Apple's 2012 Facilities Report opened by observing, "We know that as much as 98 percent of our total emissions comes from the greenhouse gas emitted from the production, transport, use, and recycling of products. Our corporate facilities represent 2 percent of our total GHG emissions." This is likely true of many ITC players and and that this is why life-cycle impact is Vertatique's focus when it come to e-gear. We've updated this post with the results of Apple's 2013 report.
Gartner, the ICT research and advisory company, got off to an early start in Green ICT recognition with two events in 2010. Since then, the organization appears to have dropped its focus on recognizing sustainable ICT.
Hong Kong's Green ICT Awards started in 2011, making them the oldest ongoing Green ICT recognition program* in the Asia-Pacific region. The roster annual winners illustrate the diverse nature of the area's ICT-savvy users and their Green ICT practices.
Click on the 'education' tag and you'll see examples of Green ICT being applied by primary and secondary educational institutions around the world. This post will add more examples in the form of regular updates. Our latest update is about Green Power in American schools.
TV Whites Spaces (TVWS) are portions of the broadcast spectrum that, depending on your perspective, either are valuable unused frequencies or are usefully buffering against adjacent channel interference. The potential for TVWS to deliver wireless services is a major controversy in the United States between the wireless community and the broadcast community. Microsoft and Google are both using Africa to demonstrate the viability of delivering connectivity via TVWS with projects launched in early 2013. Microsoft launched another white spaces project in late 2013.
ITWatchDogs.com cited Vertaique in "Data centers migrate to cold climates for improved cooling". Our original post: The Importance of Location for Green Data Centers.
Cited in Verismic blog post What do you do with your energy efficiency savings?
Set-top boxes (STBs), many with embedded DVRs, have become fixtures in American households. These devices, required for many digital televisions (DTV) services, and are rented from cable, satellite, and telephone companies or purchased from companies like Apple (Apple TV) and Google (ChromeCast). The proliferation of electronic devices have been frustrating household energy-saving measures and STBs, even when not in direct use, are no exception. A December 2013 agreement should result in more energy-efficient STBs.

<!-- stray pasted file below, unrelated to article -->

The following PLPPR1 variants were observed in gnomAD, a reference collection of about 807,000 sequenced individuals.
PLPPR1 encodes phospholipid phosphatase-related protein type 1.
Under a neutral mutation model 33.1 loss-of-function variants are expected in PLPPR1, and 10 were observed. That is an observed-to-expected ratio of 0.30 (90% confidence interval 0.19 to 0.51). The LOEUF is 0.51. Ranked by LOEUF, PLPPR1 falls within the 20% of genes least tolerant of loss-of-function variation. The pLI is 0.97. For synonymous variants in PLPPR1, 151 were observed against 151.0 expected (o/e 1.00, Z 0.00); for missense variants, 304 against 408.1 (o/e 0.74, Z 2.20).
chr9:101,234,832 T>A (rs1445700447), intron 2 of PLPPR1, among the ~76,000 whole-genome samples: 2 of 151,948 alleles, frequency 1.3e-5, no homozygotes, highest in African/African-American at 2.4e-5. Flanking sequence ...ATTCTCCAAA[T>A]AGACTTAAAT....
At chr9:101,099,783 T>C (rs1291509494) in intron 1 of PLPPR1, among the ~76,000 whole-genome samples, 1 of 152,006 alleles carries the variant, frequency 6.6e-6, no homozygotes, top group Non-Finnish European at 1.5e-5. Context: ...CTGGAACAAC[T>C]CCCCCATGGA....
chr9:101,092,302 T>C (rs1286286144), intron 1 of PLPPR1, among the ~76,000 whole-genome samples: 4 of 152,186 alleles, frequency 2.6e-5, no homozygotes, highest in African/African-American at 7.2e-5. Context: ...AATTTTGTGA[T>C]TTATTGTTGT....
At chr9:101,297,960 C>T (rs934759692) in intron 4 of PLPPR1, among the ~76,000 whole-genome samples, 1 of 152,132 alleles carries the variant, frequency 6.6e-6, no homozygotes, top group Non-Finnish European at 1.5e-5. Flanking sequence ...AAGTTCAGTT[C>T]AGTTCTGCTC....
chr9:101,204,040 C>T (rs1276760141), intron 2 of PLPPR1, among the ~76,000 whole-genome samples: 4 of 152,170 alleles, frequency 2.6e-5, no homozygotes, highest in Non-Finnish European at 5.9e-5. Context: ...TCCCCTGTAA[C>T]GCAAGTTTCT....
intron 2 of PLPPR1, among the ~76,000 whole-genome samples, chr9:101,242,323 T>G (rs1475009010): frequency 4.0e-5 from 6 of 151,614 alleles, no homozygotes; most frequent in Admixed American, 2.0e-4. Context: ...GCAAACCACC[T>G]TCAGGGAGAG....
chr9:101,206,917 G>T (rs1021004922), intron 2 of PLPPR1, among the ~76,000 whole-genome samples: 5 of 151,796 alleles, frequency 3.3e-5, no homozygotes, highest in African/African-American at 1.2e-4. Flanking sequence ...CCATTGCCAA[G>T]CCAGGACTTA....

Bitcoin is an extra-sovereign currency which maintains is scarcity by requiring increasingly complex computer calculations for their creation. This process - bitcoin mining - highlights a number of Green ICT issues. Increased public awareness of Bitcoin could help awareness of Green ICT.
Several companies have been working to create cloud computing volume servers using "wimpy chips". These are low-power, lower-speed chips designed for mobile devices. The idea is that large numbers of these in a server can yield lower energy consumption while maintaining cost-effective performance. The EU has launched an initiative using the wimpy-chip approach, but an American pioneer has shuttered its doors.
The 'education' tag, above, will lead you to all sorts of stories about educational institutions around the world that are incorporating Green ICT technologies and practices. These range from the public universities in the United Kingdom to African schools in cleverly-configured shipping containers. What is missing are signs of wide-spread adoption of Green ICT by America's colleges and universities even where 'green' is the focus. A review of various 'green' lists illustrates the problem.